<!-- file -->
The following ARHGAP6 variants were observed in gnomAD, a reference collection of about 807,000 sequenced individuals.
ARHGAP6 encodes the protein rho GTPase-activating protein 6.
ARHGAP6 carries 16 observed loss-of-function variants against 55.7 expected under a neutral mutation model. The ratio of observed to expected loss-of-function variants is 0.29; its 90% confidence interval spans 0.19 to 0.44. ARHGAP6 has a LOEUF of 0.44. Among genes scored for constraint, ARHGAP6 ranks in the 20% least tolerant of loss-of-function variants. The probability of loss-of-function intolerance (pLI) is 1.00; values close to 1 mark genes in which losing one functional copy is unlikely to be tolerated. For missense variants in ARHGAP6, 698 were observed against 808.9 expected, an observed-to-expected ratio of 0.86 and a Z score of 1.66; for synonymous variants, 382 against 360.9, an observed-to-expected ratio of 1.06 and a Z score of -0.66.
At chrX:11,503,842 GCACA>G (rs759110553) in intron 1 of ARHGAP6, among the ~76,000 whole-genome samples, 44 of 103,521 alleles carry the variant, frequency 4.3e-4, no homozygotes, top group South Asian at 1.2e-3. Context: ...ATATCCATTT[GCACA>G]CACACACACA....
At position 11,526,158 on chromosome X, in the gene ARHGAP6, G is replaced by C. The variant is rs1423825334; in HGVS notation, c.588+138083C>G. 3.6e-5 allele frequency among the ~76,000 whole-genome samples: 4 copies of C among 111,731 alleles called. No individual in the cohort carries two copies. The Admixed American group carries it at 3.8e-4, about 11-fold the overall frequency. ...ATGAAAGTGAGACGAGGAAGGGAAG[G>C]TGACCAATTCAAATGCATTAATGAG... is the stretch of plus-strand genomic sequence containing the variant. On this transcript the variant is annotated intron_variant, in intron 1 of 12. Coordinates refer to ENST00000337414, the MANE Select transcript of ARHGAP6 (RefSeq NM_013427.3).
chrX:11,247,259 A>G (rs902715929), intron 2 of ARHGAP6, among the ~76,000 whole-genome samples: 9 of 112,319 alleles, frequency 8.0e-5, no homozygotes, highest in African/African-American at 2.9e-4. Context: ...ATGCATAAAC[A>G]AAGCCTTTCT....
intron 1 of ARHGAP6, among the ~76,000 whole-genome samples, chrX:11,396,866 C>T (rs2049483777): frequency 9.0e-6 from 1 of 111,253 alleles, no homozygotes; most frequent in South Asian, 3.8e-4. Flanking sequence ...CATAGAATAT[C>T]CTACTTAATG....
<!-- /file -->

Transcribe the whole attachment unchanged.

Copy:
The following ARHGAP6 variants were observed in gnomAD, a reference collection of about 807,000 sequenced individuals.
ARHGAP6 encodes the protein rho GTPase-activating protein 6.
ARHGAP6 carries 16 observed loss-of-function variants against 55.7 expected under a neutral mutation model. The ratio of observed to expected loss-of-function variants is 0.29; its 90% confidence interval spans 0.19 to 0.44. ARHGAP6 has a LOEUF of 0.44. Among genes scored for constraint, ARHGAP6 ranks in the 20% least tolerant of loss-of-function variants. The probability of loss-of-function intolerance (pLI) is 1.00; values close to 1 mark genes in which losing one functional copy is unlikely to be tolerated. For missense variants in ARHGAP6, 698 were observed against 808.9 expected, an observed-to-expected ratio of 0.86 and a Z score of 1.66; for synonymous variants, 382 against 360.9, an observed-to-expected ratio of 1.06 and a Z score of -0.66.
At chrX:11,503,842 GCACA>G (rs759110553) in intron 1 of ARHGAP6, among the ~76,000 whole-genome samples, 44 of 103,521 alleles carry the variant, frequency 4.3e-4, no homozygotes, top group South Asian at 1.2e-3. Context: ...ATATCCATTT[GCACA>G]CACACACACA....
At position 11,526,158 on chromosome X, in the gene ARHGAP6, G is replaced by C. The variant is rs1423825334; in HGVS notation, c.588+138083C>G. 3.6e-5 allele frequency among the ~76,000 whole-genome samples: 4 copies of C among 111,731 alleles called. No individual in the cohort carries two copies. The Admixed American group carries it at 3.8e-4, about 11-fold the overall frequency. ...ATGAAAGTGAGACGAGGAAGGGAAG[G>C]TGACCAATTCAAATGCATTAATGAG... is the stretch of plus-strand genomic sequence containing the variant. On this transcript the variant is annotated intron_variant, in intron 1 of 12. Coordinates refer to ENST00000337414, the MANE Select transcript of ARHGAP6 (RefSeq NM_013427.3).
chrX:11,247,259 A>G (rs902715929), intron 2 of ARHGAP6, among the ~76,000 whole-genome samples: 9 of 112,319 alleles, frequency 8.0e-5, no homozygotes, highest in African/African-American at 2.9e-4. Context: ...ATGCATAAAC[A>G]AAGCCTTTCT....
intron 1 of ARHGAP6, among the ~76,000 whole-genome samples, chrX:11,396,866 C>T (rs2049483777): frequency 9.0e-6 from 1 of 111,253 alleles, no homozygotes; most frequent in South Asian, 3.8e-4. Flanking sequence ...CATAGAATAT[C>T]CTACTTAATG....